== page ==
The claims by Russian Rear Adm. Vadim Kulit that Russian-made defense systems intercepted missiles fired last week by two Israeli F16 fighter jets toward targets near the Syrian town of Homs prompted amazement in Israel. According to Kulit’s comments to the Tass news agency, several days earlier, Russian defenses also successfully intercepted most of the missiles fired by Israeli jets at targets in Syria.
Israel did not issue an official response to the claims. Unofficially, it made sure that photos showing the serious damage to the targets struck in these attacks would be posted on networks and media outlets. Behind closed doors, Israeli defense officials are trying to understand the meaning of the Russian claims. Was it a slip of the tongue? Probably not. The Russians are not prone to accidental disclosures. Was it a trial balloon? Probably so. Is it serious? Are the Russians planning to curb Israel’s moves in Syria, as was reported by the London-based Asharq al-Awsat newspaper? Are talks on this issue underway between the Kremlin and White House, as the newspaper said?
Israel is not hitting the panic button. A senior Israeli military source told Al-Monitor that Russia’s claims were misleading. Most Israeli missiles are not intercepted and hit their marks with precision, the source said. Contrary to what the Russian general said, as far as Israel is aware, the SA17 and SA22 aerial interception systems deployed in Syria are operated by the Syrian military. The Russians only operate the S300 and S400 defenses in Syria, but these are intended to bring down aircraft, not missiles, said the source.
According to Israeli assessments, the Russian claims were a tactical move rather than a strategic shift. “They are conveying messages to us and not only to us,” said a senior Israeli security official on condition of anonymity, analyzing the remarks. “The first message has to do with Russia’s image and commercial interests. The Russians want to prove to the world, and especially to potential clients, that their systems work well and are capable of intercepting Israel Air Force missiles. This is the most prestigious rigorous standard possible. They have been trying to sell such systems to Iran and states in Africa — not always successfully. The Chinese are hot on their heels, so there is a kind of competition for prestige and market share.”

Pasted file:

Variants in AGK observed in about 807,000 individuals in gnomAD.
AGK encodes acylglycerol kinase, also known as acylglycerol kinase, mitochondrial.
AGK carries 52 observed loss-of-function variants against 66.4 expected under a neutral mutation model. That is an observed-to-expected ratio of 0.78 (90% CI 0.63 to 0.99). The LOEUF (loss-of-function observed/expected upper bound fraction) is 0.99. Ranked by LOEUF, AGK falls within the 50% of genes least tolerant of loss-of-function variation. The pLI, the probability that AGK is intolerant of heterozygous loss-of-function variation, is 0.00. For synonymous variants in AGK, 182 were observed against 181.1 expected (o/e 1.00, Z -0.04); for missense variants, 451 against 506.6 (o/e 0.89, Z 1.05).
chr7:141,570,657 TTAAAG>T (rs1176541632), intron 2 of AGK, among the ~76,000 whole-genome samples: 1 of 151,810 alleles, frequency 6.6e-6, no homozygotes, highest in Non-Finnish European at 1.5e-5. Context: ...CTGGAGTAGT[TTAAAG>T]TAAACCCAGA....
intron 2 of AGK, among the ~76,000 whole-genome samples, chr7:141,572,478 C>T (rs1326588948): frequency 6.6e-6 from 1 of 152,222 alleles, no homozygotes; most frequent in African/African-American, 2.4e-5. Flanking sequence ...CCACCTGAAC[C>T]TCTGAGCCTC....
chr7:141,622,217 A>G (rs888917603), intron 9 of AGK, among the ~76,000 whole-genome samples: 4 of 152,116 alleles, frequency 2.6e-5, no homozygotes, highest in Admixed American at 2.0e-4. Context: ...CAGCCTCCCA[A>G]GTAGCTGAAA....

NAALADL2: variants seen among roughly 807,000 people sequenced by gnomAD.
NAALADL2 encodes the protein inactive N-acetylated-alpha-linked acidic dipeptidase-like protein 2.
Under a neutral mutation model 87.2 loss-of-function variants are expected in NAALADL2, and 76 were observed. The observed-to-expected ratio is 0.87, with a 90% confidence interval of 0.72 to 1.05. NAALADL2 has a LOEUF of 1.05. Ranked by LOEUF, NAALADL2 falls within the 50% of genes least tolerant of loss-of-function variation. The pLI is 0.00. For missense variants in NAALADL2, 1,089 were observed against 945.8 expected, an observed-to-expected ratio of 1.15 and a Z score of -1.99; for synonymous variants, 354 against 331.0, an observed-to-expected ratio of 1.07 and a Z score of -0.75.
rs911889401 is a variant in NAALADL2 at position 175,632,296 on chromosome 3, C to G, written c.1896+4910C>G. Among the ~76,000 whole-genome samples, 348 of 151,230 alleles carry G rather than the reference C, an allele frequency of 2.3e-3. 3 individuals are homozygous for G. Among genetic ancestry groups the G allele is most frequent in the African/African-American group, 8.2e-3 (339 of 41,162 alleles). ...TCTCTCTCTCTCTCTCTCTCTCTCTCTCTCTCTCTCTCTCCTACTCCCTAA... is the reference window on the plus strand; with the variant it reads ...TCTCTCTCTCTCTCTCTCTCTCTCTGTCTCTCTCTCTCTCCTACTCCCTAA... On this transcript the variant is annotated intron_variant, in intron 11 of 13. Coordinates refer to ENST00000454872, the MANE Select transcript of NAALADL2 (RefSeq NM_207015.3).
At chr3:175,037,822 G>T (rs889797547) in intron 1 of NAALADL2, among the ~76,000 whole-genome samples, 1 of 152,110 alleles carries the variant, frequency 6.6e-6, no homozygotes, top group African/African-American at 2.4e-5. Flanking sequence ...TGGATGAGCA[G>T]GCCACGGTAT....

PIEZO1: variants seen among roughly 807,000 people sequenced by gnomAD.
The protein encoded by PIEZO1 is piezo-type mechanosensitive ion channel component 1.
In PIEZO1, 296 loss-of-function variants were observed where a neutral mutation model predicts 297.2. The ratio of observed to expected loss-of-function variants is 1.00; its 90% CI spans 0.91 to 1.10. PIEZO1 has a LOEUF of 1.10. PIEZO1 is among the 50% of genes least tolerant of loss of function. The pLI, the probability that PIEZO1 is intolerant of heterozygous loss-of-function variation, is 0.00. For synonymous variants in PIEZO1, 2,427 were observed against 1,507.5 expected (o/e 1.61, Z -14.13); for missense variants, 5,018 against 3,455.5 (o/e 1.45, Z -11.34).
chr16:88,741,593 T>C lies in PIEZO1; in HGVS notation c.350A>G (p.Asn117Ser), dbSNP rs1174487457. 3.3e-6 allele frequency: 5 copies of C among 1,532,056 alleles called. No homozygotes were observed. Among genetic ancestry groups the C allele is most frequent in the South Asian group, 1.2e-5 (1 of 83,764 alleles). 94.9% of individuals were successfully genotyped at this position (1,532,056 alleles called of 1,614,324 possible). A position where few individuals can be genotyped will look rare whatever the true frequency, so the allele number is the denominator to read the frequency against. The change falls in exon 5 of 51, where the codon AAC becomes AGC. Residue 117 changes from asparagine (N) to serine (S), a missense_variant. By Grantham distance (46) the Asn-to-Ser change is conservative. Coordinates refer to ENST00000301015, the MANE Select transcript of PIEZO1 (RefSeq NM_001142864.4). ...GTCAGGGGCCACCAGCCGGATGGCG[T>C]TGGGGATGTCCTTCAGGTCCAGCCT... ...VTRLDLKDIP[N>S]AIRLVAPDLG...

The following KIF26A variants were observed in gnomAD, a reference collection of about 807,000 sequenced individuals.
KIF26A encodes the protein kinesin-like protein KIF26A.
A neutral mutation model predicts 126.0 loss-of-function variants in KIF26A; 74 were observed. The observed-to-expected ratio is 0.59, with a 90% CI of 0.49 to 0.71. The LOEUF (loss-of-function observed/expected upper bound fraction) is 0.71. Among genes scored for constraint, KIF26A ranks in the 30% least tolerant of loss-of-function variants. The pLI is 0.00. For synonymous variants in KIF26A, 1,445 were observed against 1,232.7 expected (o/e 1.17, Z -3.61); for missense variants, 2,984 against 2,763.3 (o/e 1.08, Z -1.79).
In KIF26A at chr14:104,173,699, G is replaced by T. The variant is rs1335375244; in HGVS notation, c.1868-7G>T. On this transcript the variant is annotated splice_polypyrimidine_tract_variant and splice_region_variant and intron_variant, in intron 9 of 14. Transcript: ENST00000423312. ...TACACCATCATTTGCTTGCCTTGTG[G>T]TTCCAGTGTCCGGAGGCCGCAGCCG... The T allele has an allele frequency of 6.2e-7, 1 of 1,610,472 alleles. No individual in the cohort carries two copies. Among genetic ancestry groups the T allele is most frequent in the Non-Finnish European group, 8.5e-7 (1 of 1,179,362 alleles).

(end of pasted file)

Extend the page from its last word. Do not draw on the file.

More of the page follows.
However, Israel knows there is more involved than prestige and money. “This Russian claim is unclear on all sorts of levels,” said the Israeli source. “First, it included erroneous information. The rate of interceptions is low and the systems are run by Syrians, not Russians. Not only that, but the mechanism put in place to avoid unintended friction between Israelis and Russians in the skies over Syria is in place and working properly.” This mechanism consists of military delegation visits on both sides, lengthy discussions under the purview of the Israel Defense Forces’ Operations Directorate and the Israel Air Force (IAF). According to the source, there is even a “hot line between the IAF’s control center and the Russian control center.”
In other words, Israel is not entirely clear what game the Russians are playing. Some suggest Russia is also jockeying to improve its position in the region following the change of administrations in Washington and Jerusalem. “Maybe they are signaling a change in the rules of the game, maybe they want to reduce Israeli activity over Syria,” the source suggested. If that is the case, the Russians may have a case. Israeli activity over Syria declined recently, but has been restored over the past two weeks, according to foreign news reports.
“The Russians are also working vis-a-vis Tehran,” a senior Israeli military source told Al-Monitor on condition of anonymity. “In Tehran, too, there is a new president and a Russian foothold is required.”
In this context, some in the Israeli defense establishment are seeing a connection between the Russian general’s claims and a Washington Post report several weeks ago that Russia will sell Iran an advanced spy satellite providing them with unprecedented capabilities. “Nothing is happenstance,” said a senior Israeli security source. “Iran is not the only one entrenching in Syria. The Russians, too, are in a constant struggle for control of the Middle East. When they sell Iran a strategic satellite of this type, they are sending a clear signal to everyone, not just Iran.”
“The Russians are playing a delicate game vis-à-vis Iran,” this source added. “They are trying to sell them as many systems as possible, while at the same time they are cooperating with the Israel Air Force over Syria. They have an interest in pacifying the Iranian regime, on the one hand, to prove Russia’s military and technological capabilities, but not to clash with Israel and the US. This is where we are right now.”
This development adds to the many headaches the new Israeli government is experiencing as it seeks to mark its territory and establish beneficial trust with the Biden White House. Two of Prime Minister Naftali Bennett’s closest aides will visit the White House in the coming days — Bennett’s new policy adviser Shimrit Meir (recently interviewed on Al-Monitor’s “On Israel” podcast) and the government’s new national security adviser, Eyal Hulata. In addition to all the other burning issues on their Washington agenda, they are likely to raise the developments vis-a-vis the Russians and ask the Americans to urgently clarify to the Kremlin that the United States backs Israel’s efforts to prevent Iranian entrenchment on Syrian territory.